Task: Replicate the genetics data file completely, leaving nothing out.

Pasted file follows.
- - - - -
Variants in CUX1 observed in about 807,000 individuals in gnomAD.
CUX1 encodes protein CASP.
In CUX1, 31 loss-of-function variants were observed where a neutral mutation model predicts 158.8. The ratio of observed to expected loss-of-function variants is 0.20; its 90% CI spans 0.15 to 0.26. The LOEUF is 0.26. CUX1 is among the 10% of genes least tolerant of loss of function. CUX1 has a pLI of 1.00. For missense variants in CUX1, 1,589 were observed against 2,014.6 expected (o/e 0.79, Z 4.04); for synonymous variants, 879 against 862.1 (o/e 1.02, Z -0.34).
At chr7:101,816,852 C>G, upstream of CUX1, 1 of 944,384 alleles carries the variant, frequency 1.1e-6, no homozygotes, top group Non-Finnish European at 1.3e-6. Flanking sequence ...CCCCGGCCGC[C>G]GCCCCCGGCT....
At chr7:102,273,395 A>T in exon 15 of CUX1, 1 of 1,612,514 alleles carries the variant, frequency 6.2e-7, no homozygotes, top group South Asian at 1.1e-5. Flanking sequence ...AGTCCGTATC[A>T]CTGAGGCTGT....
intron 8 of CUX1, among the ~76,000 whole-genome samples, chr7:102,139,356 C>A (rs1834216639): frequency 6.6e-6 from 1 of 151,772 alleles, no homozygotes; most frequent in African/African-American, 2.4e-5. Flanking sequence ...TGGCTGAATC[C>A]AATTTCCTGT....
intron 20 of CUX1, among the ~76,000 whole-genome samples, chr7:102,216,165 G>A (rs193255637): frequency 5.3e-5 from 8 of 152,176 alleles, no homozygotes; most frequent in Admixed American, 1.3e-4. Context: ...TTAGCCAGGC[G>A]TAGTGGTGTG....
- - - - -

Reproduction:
Variants in CUX1 observed in about 807,000 individuals in gnomAD.
CUX1 encodes protein CASP.
In CUX1, 31 loss-of-function variants were observed where a neutral mutation model predicts 158.8. The ratio of observed to expected loss-of-function variants is 0.20; its 90% CI spans 0.15 to 0.26. The LOEUF is 0.26. CUX1 is among the 10% of genes least tolerant of loss of function. CUX1 has a pLI of 1.00. For missense variants in CUX1, 1,589 were observed against 2,014.6 expected (o/e 0.79, Z 4.04); for synonymous variants, 879 against 862.1 (o/e 1.02, Z -0.34).
At chr7:101,816,852 C>G, upstream of CUX1, 1 of 944,384 alleles carries the variant, frequency 1.1e-6, no homozygotes, top group Non-Finnish European at 1.3e-6. Flanking sequence ...CCCCGGCCGC[C>G]GCCCCCGGCT....
At chr7:102,273,395 A>T in exon 15 of CUX1, 1 of 1,612,514 alleles carries the variant, frequency 6.2e-7, no homozygotes, top group South Asian at 1.1e-5. Flanking sequence ...AGTCCGTATC[A>T]CTGAGGCTGT....
intron 8 of CUX1, among the ~76,000 whole-genome samples, chr7:102,139,356 C>A (rs1834216639): frequency 6.6e-6 from 1 of 151,772 alleles, no homozygotes; most frequent in African/African-American, 2.4e-5. Flanking sequence ...TGGCTGAATC[C>A]AATTTCCTGT....
intron 20 of CUX1, among the ~76,000 whole-genome samples, chr7:102,216,165 G>A (rs193255637): frequency 5.3e-5 from 8 of 152,176 alleles, no homozygotes; most frequent in Admixed American, 1.3e-4. Context: ...TTAGCCAGGC[G>A]TAGTGGTGTG....